The NMM’s Curatorial and Research Department will be hosting the following conferences and events from April to July 2017:
Thursday, 20 April
The Society for Nautical Research Anderson Medal Award and Reception
The Society for Nautical Research awards the Anderson medal every year to the author who has written the best book on maritime history published during the previous year. This year it will be the Society’s great pleasure to award the medal to James Goldrick, for his book Before Jutland: The Naval War in Northern European Waters, August 1914-February 1915.
The event will take place in the Lecture Theatre at the National Maritime Museum, Greenwich, London SE10 9NF Arrival and refreshments from 16.30; presentation of the award and lecture at 18.00 followed by a reception. If you would like to attend please RSVP to firstname.lastname@example.org
Thursday, 20 April to Saturday, 22 April
Queen’s House Conference: European Court Culture and Greenwich Palace, 1500-1750
Royal Museums Greenwich and the Society for Court Studies are pleased to announce a major international conference to mark the 400th anniversary year of the Queen’s House, Greenwich. Designed by Inigo Jones in 1616 and completed in 1639, this royal villa is an acknowledged masterpiece of British architecture and the only remaining building of the 16th and 17th-century palace complex. Today the Queen’s House lies at the centre of the World Heritage Site of Maritime Greenwich.
The site as a whole is often celebrated as quintessentially ‘British’ – historically, culturally and artistically. Yet the sequence of queens associated with the Queen’s House and Greenwich more generally reflect a wider orientation towards Europe – from Anne of Denmark, who commissioned the House, to Henrietta Maria of France, Catherine of Braganza and Mary of Modena – in addition to Greenwich’s transformation under the patronage of Tudor and Stuart monarchs. Located on the River Thames at the gateway to London and to England, royal residences at Greenwich served an important function in the early modern period as a cultural link with the continent, and in particular, with England’s nearest neighbours in the Low Countries and France.
Conference themes include: Royal portraiture; ‘Princely magnificence’ and the design of royal spaces (such as the division between a King’s and Queen’s sides); dynastic links between the houses of Stuart, Orange, Bourbon, Wittelsbach (Palatinate), and Portugal; the history of Greenwich Palace as a royal residence and centre of power and culture; other areas patronized by the court, such as maritime exploration, scientific advances, prints, as represented by the Royal Observatory Greenwich.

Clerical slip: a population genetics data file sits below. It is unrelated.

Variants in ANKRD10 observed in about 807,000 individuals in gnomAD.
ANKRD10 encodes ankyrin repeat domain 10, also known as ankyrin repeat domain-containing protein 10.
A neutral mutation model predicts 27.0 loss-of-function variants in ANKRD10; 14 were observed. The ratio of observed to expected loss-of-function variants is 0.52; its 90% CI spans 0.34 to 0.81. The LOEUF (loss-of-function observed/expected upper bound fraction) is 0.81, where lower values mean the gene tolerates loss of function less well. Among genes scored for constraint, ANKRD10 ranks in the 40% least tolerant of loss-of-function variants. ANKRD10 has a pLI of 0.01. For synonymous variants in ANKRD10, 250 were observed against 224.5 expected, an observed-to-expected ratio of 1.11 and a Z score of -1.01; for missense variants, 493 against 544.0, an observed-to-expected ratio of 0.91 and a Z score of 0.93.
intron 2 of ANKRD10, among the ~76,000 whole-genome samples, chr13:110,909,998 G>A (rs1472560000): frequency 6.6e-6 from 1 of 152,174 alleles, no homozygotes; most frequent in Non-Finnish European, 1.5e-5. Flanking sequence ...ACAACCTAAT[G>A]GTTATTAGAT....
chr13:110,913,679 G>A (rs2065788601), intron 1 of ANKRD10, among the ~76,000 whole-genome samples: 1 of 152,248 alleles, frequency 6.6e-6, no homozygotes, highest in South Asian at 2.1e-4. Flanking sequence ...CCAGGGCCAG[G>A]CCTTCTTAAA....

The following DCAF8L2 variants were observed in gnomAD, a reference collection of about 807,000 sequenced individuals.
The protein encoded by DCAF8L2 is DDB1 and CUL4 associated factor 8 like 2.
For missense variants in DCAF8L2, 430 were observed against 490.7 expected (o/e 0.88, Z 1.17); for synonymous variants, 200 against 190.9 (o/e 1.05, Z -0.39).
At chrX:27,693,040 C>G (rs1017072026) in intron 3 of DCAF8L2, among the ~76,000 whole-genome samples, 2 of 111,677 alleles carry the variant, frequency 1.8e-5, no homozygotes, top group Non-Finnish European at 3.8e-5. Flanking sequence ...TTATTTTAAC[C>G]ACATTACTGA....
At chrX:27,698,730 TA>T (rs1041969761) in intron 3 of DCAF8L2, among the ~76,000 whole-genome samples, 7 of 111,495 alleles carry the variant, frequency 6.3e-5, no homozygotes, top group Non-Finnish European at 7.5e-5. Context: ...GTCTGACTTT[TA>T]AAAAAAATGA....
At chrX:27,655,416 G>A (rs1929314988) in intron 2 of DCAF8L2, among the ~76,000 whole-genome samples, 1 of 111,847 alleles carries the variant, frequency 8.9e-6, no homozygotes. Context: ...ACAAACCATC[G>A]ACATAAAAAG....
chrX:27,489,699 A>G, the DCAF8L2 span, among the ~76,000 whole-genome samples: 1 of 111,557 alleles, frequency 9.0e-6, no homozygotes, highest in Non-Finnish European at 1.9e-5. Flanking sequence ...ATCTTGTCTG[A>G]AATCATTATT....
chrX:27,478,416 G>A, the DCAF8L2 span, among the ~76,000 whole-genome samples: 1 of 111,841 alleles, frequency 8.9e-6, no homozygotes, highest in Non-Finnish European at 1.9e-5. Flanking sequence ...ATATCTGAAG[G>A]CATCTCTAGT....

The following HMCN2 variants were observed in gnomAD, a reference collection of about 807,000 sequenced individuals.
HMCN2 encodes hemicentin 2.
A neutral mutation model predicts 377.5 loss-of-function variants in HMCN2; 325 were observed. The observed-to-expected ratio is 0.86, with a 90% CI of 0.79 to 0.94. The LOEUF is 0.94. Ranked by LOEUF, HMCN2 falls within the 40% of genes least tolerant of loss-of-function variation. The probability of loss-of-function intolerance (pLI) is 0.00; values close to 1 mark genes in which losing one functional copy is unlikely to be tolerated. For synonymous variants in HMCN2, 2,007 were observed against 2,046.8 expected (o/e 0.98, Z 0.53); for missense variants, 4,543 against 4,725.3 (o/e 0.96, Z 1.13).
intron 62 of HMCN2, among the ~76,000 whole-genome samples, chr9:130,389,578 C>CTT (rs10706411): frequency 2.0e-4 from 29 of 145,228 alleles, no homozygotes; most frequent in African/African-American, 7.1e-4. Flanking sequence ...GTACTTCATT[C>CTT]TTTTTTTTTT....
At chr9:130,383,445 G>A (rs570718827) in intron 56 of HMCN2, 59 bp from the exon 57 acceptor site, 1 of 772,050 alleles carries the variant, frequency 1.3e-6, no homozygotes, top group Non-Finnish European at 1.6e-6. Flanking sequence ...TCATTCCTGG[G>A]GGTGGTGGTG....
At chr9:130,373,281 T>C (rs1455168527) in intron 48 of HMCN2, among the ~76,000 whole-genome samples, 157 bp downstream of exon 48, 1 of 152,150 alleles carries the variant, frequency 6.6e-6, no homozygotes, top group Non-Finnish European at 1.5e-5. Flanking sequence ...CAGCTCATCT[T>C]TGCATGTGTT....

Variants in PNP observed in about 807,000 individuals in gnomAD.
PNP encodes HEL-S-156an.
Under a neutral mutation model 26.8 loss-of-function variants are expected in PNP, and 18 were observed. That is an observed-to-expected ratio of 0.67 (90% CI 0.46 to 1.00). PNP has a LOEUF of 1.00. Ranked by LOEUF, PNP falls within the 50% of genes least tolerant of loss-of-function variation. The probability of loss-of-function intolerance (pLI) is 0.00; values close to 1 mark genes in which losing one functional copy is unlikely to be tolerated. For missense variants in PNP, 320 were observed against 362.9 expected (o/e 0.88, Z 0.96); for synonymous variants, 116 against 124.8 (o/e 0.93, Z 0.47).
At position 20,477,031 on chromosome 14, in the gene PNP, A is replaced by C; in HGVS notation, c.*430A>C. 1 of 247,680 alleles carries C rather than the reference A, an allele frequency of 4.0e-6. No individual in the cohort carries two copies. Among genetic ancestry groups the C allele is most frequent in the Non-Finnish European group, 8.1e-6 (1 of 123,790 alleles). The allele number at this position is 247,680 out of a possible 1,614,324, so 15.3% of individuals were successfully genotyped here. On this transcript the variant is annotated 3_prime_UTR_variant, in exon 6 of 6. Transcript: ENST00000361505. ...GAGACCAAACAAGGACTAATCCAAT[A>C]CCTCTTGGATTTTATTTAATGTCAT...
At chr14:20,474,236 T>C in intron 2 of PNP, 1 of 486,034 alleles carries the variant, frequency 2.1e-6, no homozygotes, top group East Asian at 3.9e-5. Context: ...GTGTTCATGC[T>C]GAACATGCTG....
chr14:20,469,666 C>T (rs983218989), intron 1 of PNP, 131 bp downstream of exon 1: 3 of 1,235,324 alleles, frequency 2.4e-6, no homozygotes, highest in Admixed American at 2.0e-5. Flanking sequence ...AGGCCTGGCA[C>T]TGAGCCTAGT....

Keynote lectures by Dr Susan Foister, National Gallery and Dr Simon Thurley, Institute of Historical Research
Booking form and programme: http://www.rmg.co.uk/see-do/exhibitions-events/queens-house-conference-2017
Wednesday, 26 April 2017
Jan Rüger talks about his new book Heligoland: Britain, Germany and the Struggle for the North Sea.
On 18 April 1947, British forces set off the largest non-nuclear explosion in history. The target was a small island in the North Sea, fifty miles off the German coast, which for generations had stood as a symbol of Anglo-German conflict: Heligoland. Drawing on a wide range of material, Jan Rüger explores how the two nations have collided and collaborated in this North Sea enclave. For much of the nineteenth century, this was Britain’s smallest colony, an inconvenient and notoriously discontented outpost at the edge of Europe. Situated at the fault line between imperial and national histories, the island became a metaphor for Anglo-German rivalry once Germany had acquired it in 1890. Turned into a naval stronghold under the Kaiser and again under Hitler, it was fought over in both world wars. Heavy bombardment by the Allies reduced it to ruins, until the Royal Navy re-took it in May 1945. Returned to West Germany in 1952, it became a showpiece of reconciliation, but one that continues to wear the scars of the twentieth century.
Tracing this rich history of contact and conflict from the Napoleonic Wars to the Cold War, Heligoland brings to life a fascinating microcosm of the Anglo-German relationship. For generations this cliff-bound island expressed a German will to bully Britain; and it mirrored a British determination to prevent Germany from establishing hegemony on the Continent. Caught in between were the Heligolanders and those involved with them: spies and smugglers, poets and painters, sailors and soldiers.
Heligoland is the compelling story of a relationship which has defined modern Europe.
Arrival and refreshments from 18.30; talk at 19.00 followed by a reception. If you would like to attend please RSVP to: email@example.com
Friday and Saturday, 21-22 July 2017
Conference: Mapping the past, exploiting the future: cartographies and understandings of the Arctic
Royal Museums Greenwich will host an interdisciplinary conference which aims to interrogate the processes and products of mapping the Arctic, to coincide with the opening of a major new exhibition, Death in the Ice: the shocking story of Franklin’s final expedition, about John Franklin’s voyage to look for a North-West Passage, and the searches for those involved which followed. At a moment when the story of Franklin’s 1845 expedition is being exploited by various commercial and political interests, we seek to broaden and deepen our understanding of voyages of exploration, surveying and mapping practices, and their subsequent narration.
Keynote lecture by Professor Adriana Craciun, University of California, Riverside.
For more information and a draft programme contact firstname.lastname@example.org